While it may seem simple to “let nature take its course” we do not operate in an entirely “natural” system.  With the removal of large predators, such as wolves, from this area by the mid-20th century, mid-sized predators, including fox, coyote, and raccoons, were able to extend their ranges and increase in population in these areas.  There are communities of hundreds of homes flanking Duxbury Beach that provide ample habitat for species like red fox that can do very well in suburban and even urban areas while other species, like the plovers and terns, have had habitat regularly destroyed by development.

Today, the largest cause of plover and tern egg and chick loss on Duxbury Beach, and many other beaches statewide, is predation by species whose populations are not in jeopardy.  Unfortunately, the common predators on Duxbury Beach, including the larger mammals (fox and coyote) and avian predators (crow and gull) are more likely to be attracted to the beach due to trash. There are staff on Duxbury Beach in the summer to pick up trash on the beach, road, and parking lots in the hopes of making the beach less attractive to animals like fox.  With communities at the far end of the beach it is impossible to limit the attractiveness of Duxbury Beach to predators with large ranges. There are very few suitable denning spots on the beach and most of the large mammals come to the beach from mainland Duxbury and Marshfield where they find ample denning spots under houses, sheds, etc.

Unfortunately, relocation of individual predators is not an option for multiple reasons:

  • It is illegal under Massachusetts law to capture and relocate wildlife off your property
  • Conflict, stress, or death caused due to intrusion into an existing individual’s territory
  • Harm to the individuals removed from their territory and a struggle to find food and shelter. Humans do not always recognize appropriate habitats for wildlife and put them in bad locations.
  • Spread of disease
  • Disruption of ecological processes by introducing a new species or more individuals to an area
  • The problem is not solved, but moved to a new location

Many have questioned why Duxbury Beach does not use “wire cages” around plover nests as are sometimes seen on other beaches.  These cages are predator exclosures and are oftentimes an unsuccessful and harmful tool. Unfortunately, predators (including fox, raptors, crow, and others) can target exclosures and kill adults when they switch off the nest. This is more detrimental to plover conservation than losing eggs or chicks because of the loss of future reproductive potential of the breeding adult. Predator exclosure use is highly dependent on beach, nesting site, and predator suite.   On Duxbury Beach it is not typically feasible to use exclosures, however, it is carefully considered. In addition, exclosures do not work for Least Tern nests as they are colonial nesters and fly to and from the nest.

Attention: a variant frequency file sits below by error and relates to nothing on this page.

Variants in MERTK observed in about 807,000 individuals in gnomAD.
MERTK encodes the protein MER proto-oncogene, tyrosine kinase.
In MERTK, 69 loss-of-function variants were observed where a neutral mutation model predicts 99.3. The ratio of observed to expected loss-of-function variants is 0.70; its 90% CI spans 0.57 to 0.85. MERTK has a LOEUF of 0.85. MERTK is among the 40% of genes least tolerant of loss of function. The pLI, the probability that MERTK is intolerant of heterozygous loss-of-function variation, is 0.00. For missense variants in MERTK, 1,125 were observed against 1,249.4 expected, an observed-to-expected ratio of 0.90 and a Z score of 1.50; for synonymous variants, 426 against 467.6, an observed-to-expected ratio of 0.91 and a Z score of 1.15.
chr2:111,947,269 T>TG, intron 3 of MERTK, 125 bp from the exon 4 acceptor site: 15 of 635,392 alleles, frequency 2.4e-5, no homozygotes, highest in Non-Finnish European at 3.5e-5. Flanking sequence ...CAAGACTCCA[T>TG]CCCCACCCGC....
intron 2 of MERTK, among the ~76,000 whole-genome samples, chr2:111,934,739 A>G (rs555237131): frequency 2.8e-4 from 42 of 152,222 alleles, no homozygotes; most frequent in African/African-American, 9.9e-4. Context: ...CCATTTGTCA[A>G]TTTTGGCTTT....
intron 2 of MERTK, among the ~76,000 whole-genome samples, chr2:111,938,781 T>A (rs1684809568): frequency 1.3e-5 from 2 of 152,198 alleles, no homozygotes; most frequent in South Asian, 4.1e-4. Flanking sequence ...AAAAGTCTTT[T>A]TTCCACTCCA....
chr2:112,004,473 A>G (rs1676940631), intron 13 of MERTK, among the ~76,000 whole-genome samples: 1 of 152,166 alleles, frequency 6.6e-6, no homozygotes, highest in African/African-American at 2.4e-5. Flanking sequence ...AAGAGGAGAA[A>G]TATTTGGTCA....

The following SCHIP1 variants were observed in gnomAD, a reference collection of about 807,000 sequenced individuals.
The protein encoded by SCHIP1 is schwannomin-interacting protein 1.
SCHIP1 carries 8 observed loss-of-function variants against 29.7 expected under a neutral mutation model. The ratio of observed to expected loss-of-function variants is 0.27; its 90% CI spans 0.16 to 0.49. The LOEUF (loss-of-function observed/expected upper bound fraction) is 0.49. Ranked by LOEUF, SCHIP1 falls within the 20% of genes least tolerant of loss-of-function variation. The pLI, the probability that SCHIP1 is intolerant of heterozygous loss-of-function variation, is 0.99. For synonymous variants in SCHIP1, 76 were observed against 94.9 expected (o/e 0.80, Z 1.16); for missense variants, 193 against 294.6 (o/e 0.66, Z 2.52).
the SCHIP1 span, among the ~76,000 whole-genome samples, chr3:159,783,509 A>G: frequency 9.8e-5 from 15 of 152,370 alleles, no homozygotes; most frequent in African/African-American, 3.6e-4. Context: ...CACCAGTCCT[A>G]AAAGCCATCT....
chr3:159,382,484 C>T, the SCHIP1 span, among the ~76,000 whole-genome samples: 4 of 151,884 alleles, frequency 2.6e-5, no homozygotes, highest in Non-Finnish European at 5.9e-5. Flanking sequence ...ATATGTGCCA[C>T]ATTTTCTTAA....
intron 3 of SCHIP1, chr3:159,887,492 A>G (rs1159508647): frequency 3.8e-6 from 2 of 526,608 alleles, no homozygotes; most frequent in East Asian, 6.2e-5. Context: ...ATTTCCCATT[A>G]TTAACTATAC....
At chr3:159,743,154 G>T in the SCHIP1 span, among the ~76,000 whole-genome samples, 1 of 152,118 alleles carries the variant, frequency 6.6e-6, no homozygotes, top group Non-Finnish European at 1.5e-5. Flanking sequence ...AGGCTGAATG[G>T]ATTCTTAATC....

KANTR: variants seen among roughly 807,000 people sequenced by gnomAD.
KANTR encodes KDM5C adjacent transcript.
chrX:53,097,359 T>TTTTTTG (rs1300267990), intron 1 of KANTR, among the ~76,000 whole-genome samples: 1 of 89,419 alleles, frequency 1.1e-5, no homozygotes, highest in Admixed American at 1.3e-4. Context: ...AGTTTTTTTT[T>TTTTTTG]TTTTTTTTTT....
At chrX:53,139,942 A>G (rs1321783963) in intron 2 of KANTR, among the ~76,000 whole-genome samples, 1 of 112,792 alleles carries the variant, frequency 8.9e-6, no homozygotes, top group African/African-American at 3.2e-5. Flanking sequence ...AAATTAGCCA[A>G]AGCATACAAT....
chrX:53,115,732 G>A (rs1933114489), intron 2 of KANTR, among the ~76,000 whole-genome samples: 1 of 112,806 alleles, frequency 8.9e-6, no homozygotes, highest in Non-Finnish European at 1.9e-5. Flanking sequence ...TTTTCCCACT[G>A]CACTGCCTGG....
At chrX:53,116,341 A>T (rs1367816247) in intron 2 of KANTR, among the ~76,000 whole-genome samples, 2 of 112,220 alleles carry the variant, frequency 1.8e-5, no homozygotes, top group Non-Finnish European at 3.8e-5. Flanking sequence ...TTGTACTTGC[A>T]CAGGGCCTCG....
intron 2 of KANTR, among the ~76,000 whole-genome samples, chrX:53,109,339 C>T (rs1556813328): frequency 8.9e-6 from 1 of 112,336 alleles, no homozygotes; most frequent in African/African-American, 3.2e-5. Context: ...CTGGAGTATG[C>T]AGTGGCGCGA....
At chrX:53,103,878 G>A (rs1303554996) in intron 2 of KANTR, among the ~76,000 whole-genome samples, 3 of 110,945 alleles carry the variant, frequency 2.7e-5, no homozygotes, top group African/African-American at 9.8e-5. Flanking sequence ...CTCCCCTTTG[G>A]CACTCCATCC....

In some cases, electric fencing can be used around plover and/or tern nesting areas. While this is only helpful in detracting large, mammalian predators, it does work on some beaches. Unfortunately, given the span, configuration, and location (dynamic beach), electric fencing is not feasible on Duxbury Beach.

This is not an easy topic and one that is discussed and voted on annually by the Reservation’s board. The Reservation will continue to collect and analyze data and assess all possible options for conservation and site management in order to protect the natural resources of the beach and maintain the protective barrier, while providing access for recreation where possible.  The Reservation will also continue to work with state and federal regulators to find the best options for protection on Duxbury Beach in order to adhere to the laws we must operate under.  We appreciate everyone who has taken the time to learn more about the work and understand that we are doing our upmost to strike a balance between the many uses of Duxbury Beach.

If you are interested in learning more about statewide shorebird conservation efforts or predator management work, we recommend reaching out to the Massachusetts Division of Fisheries and Wildlife.

OUR THIRD GOOD HARBOR BEACH PIPING PLOVER CHICK WAS KILLED THIS MORNING